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Posts Tagged ‘Hogarth Press’

Photography was forbidden at the Hogarth Press at 100 exhibit and archives tour that was part of the 27th Annual International Conference on Virginia Woolf. Nevertheless, Nell Toemen of the Netherlands persisted, as did Clara Farmer from Chatto Wyndham. And that means I have two photos to share.

The first, from Nell, is a photo of the Hogarth Press archives stacks at Special Collections at the University of Reading, which includes a collection of documents related to the Hogarth Press founded by Leonard and Virginia Woolf in 1917. When I was on the tour, we were not permitted to take photos, but when Nell asked at a later tour, she was given the go-ahead. Afterward, she graciously shared her photo with Blogging Woolf.

Stacks showing a portion of the Hogarth Press archives at University of Reading Special Collections. Photo: Nell Toemen

The second photo is a screenshot from Clara Farmer’s Chattobooks Instagram account, which shows Virginia and Leonard Woolf’s worn travel satchels. Virginia’s has an Air France tag attached. As some have commented, it’s difficult — and interesting — to think of Virginia on an airplane.

Screenshot of Clara Farmer’s photo posted on Instagram of Leonard and Virginia’s leather travel satchels.

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Conference days are long. And full. And draining. But on the afternoon of day two of the 27th Annual International Conference on Virginia Woolf, one plenary session — a roundtable featuring five scholars — perked up the crowd.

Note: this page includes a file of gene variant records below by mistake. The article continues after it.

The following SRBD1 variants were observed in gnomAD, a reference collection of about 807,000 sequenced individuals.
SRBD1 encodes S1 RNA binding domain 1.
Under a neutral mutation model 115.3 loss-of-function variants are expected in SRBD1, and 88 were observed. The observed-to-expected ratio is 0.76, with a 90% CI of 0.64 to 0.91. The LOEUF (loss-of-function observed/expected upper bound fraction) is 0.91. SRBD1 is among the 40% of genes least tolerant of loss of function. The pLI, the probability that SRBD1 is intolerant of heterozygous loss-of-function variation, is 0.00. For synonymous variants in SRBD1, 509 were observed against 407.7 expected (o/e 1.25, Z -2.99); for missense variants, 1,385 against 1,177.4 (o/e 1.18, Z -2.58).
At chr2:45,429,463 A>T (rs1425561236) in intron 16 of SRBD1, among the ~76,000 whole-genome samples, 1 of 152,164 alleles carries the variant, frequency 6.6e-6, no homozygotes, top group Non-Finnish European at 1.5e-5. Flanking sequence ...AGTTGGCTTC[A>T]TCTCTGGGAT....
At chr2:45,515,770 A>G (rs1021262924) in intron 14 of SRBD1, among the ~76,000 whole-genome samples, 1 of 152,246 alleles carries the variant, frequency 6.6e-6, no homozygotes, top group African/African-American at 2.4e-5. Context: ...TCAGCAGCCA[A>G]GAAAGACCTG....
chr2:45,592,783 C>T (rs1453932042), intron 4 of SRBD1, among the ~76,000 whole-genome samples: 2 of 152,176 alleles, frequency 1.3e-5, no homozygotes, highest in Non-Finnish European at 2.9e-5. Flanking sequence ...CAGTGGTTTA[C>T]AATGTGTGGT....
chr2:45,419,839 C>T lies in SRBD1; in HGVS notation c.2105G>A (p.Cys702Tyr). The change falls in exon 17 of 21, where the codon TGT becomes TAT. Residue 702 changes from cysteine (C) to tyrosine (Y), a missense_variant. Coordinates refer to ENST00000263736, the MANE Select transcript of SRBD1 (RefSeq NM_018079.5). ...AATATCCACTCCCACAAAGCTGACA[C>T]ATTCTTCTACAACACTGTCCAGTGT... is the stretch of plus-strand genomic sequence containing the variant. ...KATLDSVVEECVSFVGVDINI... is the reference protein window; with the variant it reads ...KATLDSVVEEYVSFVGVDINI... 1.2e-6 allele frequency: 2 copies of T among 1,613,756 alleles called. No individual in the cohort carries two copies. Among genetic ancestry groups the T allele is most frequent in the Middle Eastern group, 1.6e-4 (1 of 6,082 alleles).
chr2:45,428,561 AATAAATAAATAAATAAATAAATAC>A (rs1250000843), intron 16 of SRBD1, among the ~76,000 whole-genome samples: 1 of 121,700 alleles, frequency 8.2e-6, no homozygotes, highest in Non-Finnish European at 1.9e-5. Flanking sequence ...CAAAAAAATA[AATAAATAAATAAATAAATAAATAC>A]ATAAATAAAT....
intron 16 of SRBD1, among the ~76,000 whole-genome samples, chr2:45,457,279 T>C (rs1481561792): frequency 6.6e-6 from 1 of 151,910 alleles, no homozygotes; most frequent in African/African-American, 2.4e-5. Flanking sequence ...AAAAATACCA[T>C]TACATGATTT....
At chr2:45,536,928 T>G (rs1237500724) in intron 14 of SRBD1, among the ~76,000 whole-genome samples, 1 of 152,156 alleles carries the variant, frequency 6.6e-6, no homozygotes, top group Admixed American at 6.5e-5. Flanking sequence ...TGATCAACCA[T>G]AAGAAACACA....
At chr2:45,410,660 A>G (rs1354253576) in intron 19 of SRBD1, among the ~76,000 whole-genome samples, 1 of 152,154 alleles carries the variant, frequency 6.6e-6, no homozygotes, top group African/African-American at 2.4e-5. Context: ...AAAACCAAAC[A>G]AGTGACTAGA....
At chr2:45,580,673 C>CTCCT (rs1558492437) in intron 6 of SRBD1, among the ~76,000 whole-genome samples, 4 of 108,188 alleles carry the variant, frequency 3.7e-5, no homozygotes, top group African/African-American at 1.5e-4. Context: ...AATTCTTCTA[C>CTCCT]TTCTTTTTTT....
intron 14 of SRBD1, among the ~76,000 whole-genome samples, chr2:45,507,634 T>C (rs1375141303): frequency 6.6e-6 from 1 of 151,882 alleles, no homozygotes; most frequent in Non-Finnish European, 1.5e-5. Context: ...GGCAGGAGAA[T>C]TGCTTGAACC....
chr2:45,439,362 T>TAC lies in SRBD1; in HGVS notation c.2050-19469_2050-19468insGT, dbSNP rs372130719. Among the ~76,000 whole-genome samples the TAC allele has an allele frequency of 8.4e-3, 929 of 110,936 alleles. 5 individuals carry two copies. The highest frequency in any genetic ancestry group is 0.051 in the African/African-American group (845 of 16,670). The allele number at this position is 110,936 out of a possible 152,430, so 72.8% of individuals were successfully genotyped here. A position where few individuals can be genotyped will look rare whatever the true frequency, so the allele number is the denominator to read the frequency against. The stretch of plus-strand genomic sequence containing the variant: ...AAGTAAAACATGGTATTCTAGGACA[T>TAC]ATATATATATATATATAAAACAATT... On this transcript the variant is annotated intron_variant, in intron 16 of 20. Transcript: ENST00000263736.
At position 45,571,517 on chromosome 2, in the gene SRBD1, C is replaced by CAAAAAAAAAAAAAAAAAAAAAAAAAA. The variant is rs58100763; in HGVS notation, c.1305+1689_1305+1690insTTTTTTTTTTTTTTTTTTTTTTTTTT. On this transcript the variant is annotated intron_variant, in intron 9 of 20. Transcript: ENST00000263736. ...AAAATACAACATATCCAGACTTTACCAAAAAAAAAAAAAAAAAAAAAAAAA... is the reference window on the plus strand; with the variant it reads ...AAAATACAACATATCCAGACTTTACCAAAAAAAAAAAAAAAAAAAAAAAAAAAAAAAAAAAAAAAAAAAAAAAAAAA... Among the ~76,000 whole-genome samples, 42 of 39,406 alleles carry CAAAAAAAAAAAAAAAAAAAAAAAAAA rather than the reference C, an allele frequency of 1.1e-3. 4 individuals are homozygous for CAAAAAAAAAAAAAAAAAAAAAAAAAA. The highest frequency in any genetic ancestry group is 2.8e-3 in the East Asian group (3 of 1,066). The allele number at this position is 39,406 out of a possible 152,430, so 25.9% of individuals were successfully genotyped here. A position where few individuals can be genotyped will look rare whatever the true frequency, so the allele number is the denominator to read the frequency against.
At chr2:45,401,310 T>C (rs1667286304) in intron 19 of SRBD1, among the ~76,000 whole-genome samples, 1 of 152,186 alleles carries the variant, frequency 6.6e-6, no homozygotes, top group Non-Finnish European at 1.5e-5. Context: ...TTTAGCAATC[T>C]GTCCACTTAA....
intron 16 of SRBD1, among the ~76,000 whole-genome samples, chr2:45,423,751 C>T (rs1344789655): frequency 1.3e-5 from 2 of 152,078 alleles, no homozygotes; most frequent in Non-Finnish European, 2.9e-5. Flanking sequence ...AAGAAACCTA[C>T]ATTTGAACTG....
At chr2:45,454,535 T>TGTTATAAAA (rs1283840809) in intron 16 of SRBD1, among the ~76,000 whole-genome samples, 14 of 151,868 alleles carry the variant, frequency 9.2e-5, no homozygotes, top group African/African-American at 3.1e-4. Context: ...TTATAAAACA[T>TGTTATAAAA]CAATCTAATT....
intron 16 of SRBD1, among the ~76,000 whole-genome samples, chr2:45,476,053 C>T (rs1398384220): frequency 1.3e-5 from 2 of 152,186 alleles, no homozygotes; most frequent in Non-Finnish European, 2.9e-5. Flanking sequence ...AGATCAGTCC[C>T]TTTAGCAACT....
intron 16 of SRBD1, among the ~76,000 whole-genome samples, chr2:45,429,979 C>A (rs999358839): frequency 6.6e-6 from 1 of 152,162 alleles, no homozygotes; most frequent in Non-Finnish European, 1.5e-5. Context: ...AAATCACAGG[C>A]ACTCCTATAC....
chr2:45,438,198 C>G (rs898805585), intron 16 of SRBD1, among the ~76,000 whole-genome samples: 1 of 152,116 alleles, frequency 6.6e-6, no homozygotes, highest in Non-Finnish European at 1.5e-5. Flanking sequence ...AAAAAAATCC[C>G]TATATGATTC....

It was the session introducing the Modernist Archives Publishing Project (MAPP), a new digital project that currently focuses on the Hogarth Press but plans to include more newly digitized material and information connected with additional publishers as time goes on.

“This is the first time in a long time I’ve wanted to be 22 again,” said Beth Rigel Daugherty of Otterbein University. “Last night [at the Hogarth Press 100th birthday celebration] there was this very strong sense of the past. And this project is moving toward the future.”

Visitors can navigate the site several different ways to locate works, authors, and publishers in which they are interested. They can read synopses of the work, brief bios of the authors, and download high-res images of the book covers. Images can be used under a Creative Commons license.

MAPP is a collaborative project among six scholars and their students and research assistants from several countries. It was spearheaded by Elizabeth Willson Gordon, The King’s University of Edmonton, Canada; Claire Battershill, Simon Fraser University, Vancouver, Canada; Alice Staveley, Stanford University; Helen Southworth, University of Oregon; Michael Widner, Stanford University; Nicola Wilson, University of Reading, Reading, England.

The group will be recruiting students to serve as research assistants to write additional book synopses and literary biographies. The site will eventually include pedagogical resources, including lists of syllabi and assignments using the digital resources available on MAPP.

The new Modernist Archives Publishing Project (MAPP) now available online.

Claire Battershill of Simon Fraser University led conference participants through the MAPP website.

Roundtable participants sit below a screen showing a digitized ledger sheet from the Hogarth Press.

 

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The Hogarth Press is 100 years old this year, and the 27th Annual International Conference on Virginia Woolf marked the centennial with a birthday party that turned out to be a family affair.

Cressida Bell, granddaughter of Vanessa Bell, designed the cake, which was loaded with chocolate chunks and fruit. Cecil Woolf, nephew of Leonard and Virginia Woolf, shared his memories of working at the Hogarth Press starting in 1931, as well as the history of the business.